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SoFi vs. Lending Club: Which Fintech Stock Is a Better Buy?

SoFi (SOFI) and LendingClub (LC) are two stocks that are growing at an enviable pace, making them ideal picks for long-term growth investors. These two companies continue to expand their portfolio of solutions which enables them to experience solid growth in customer base and deliver rapid growth in top-line. Which one is the better buy?

The desire to democratize access to financial and investing tools has led to the creation of multiple companies in the last decade. These companies are part of the rapidly growing fintech space and are well poised to grow investor wealth over the long term.

Given these secular tailwinds, today we will take a look at two fintech giants, SoFi (SOFI) and Lending Club (LC). While SoFi is a recent IPO, Lending Club has been trading on the equity markets for more than seven years.

The ongoing economic recovery and the shift towards digital solutions make both these stocks enticing bets for 2021 and beyond. But which is the better of the two stocks to buy now?

SoFi has lost steam post-earnings

SoFi went public in December 2020 and has since gained 34% in total market value. However, the company is also trading 46% below its record high allowing investors to buy the dip. Shares of SoFi fell after the company reported its second-quarter results this month.

In Q2 of 2021, SoFi’s sales more than doubled to $231.1 million while its adjusted loss per share stood at $0.48. or $165.3 million. Analysts expected the company to report sales of $231.27 million and a loss per share of $0.05 in Q2. We can see the massive earnings miss did not impress investors which resulted in the pullback.

In the quarter ended in June, the company’s new accounts stood at $78.9 million compared to less than 36 million in the year-ago period.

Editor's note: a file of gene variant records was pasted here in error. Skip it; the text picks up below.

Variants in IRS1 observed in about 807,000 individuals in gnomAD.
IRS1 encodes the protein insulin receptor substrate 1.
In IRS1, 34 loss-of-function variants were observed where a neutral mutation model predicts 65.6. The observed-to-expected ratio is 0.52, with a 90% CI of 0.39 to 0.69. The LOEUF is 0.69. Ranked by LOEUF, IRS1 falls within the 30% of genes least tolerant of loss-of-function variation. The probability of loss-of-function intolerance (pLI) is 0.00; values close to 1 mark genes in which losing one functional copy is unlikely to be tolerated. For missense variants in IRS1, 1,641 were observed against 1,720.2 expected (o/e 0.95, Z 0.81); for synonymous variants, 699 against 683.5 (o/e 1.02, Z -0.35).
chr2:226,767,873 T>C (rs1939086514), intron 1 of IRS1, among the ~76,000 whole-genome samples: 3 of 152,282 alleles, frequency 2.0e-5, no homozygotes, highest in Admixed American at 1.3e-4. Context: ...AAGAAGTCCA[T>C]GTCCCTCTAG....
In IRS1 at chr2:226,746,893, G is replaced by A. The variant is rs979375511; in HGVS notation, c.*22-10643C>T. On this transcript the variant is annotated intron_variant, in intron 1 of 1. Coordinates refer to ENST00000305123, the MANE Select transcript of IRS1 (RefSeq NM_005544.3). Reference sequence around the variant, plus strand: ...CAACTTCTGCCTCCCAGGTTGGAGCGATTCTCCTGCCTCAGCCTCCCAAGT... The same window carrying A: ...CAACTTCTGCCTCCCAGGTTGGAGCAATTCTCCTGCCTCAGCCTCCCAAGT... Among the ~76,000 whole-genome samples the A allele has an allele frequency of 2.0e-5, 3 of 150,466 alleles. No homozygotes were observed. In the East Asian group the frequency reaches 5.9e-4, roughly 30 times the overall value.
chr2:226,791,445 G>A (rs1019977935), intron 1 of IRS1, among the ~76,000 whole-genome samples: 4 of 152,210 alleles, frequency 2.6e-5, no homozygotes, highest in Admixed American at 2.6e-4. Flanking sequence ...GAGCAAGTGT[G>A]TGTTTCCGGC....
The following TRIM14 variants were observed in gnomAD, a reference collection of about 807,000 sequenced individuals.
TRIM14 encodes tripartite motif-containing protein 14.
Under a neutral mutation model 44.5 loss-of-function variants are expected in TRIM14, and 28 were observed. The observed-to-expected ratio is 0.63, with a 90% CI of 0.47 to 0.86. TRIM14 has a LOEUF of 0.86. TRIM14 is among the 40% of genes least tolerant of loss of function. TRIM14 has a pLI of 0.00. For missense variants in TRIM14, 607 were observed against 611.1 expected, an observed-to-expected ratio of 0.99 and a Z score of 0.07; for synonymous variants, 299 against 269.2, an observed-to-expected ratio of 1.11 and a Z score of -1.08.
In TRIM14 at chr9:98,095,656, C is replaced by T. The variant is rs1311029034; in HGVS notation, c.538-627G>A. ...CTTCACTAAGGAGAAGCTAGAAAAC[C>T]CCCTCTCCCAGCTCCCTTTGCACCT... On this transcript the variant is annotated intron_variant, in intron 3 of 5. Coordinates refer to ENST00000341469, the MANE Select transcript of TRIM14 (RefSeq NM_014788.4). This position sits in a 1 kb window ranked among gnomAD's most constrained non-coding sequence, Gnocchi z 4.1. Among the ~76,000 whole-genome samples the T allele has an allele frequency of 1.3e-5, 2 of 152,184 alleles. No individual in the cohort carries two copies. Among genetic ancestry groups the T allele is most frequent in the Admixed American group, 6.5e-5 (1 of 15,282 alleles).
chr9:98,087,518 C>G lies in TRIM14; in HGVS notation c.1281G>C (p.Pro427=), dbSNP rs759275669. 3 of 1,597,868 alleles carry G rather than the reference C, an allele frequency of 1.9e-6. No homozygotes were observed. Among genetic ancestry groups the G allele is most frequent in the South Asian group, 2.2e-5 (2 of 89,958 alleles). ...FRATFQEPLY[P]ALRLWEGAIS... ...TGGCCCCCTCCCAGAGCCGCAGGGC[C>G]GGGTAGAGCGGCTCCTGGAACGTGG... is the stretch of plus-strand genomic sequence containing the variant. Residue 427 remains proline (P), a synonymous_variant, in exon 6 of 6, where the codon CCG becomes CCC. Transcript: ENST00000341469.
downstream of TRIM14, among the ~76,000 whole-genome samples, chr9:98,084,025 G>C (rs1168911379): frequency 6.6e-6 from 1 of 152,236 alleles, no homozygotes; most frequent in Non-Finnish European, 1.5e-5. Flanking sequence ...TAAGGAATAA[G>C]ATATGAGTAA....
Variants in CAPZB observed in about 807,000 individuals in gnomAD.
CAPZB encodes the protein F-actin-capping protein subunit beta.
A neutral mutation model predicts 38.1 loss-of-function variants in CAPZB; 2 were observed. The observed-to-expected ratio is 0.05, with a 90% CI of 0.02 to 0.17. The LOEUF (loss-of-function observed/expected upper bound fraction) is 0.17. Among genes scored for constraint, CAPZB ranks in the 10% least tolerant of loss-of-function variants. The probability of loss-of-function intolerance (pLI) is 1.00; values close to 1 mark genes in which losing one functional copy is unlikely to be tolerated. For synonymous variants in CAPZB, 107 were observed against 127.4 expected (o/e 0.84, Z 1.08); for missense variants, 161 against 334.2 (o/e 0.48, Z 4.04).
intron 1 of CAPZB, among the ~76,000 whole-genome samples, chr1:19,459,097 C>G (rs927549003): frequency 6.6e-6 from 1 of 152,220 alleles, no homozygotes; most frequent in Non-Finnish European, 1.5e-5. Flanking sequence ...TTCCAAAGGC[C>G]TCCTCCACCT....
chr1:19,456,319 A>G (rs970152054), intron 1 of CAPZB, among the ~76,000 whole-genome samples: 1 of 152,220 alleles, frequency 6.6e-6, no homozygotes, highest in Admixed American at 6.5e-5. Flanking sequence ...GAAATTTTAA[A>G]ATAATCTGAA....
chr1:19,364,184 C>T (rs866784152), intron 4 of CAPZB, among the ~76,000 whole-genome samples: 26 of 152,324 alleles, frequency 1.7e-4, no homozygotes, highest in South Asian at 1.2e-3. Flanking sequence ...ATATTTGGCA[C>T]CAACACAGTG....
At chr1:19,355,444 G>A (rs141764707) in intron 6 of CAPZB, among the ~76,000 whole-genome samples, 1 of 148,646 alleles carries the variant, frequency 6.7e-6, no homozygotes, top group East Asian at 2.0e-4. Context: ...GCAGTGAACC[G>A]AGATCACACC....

SoFi has three primary business segments which include its lending, personal loans, and residential mortgages. It also provides financial services such as cash management, credit cards as well as an online broking platform among others.

Analysts tracking the stock expect sales to rise from $971 million in 2021 to $1.47 billion in 2022. Its loss per share is also estimated to narrow from $0.5 to $0.1 in this period. We can see that SoFi stock is trading at a forward price to earnings multiple of 7.61x which is not too steep for a high-growth company.

LendingClub has grossly underperformed broader markets

A company that leverages artificial intelligence and data to provide unsecured personal loans, LendingClub is valued at a market cap of $2.76 billion. LendingClub aims to expand its lending business to include auto loans as well as provide checking accounts to customers.

In early 2021, LendingClub acquired Radius Bank which has allowed the former to reduce loan funding costs as it now has access to the latter’s cheap deposits. In a nutshell, LendingClub funds its loans by these deposits instead of partnering with third-party financial institutions for origination.

LendingClub ended the June quarter with 3.5 million members, allowing it to originate $2.7 billion in total loans. It reported sales of $204 million with adjusted earnings of $0.09 per share in Q2. While the company’s sales rose from $487 million in 2017 to $655 million in 2019 it fell to $243.5 million in 2020.

Analysts expect sales to more than double to $772.54 million in 2021 and by 42.5% to $1.1 billion in 2022. This will allow LendingClub to improve its profit margin from a loss of $1.54 per share in 2020 to earnings per share of $0.72 in 2022.

LendingClub has grossly underperformed the broader markets and has lost 76% in market value in the last seven years.

The verdict

We can see that LendingClub is trading at a reasonable valuation and is racing towards profitability. However, my choice between these two stocks is SoFi because it is trading at a discount of 90% to consensus estimates.

SOFI shares were trading at $14.14 per share on Friday afternoon, up $0.32 (+2.32%). Year-to-date, SOFI has gained 13.67%, versus a 19.44% rise in the benchmark S&P 500 index during the same period.

About the Author: Aditya Raghunath

Aditya Raghunath is a financial journalist who writes about business, public equities, and personal finance. His work has been published on several digital platforms in the U.S. and Canada, including The Motley Fool, Finscreener, and Market Realist.


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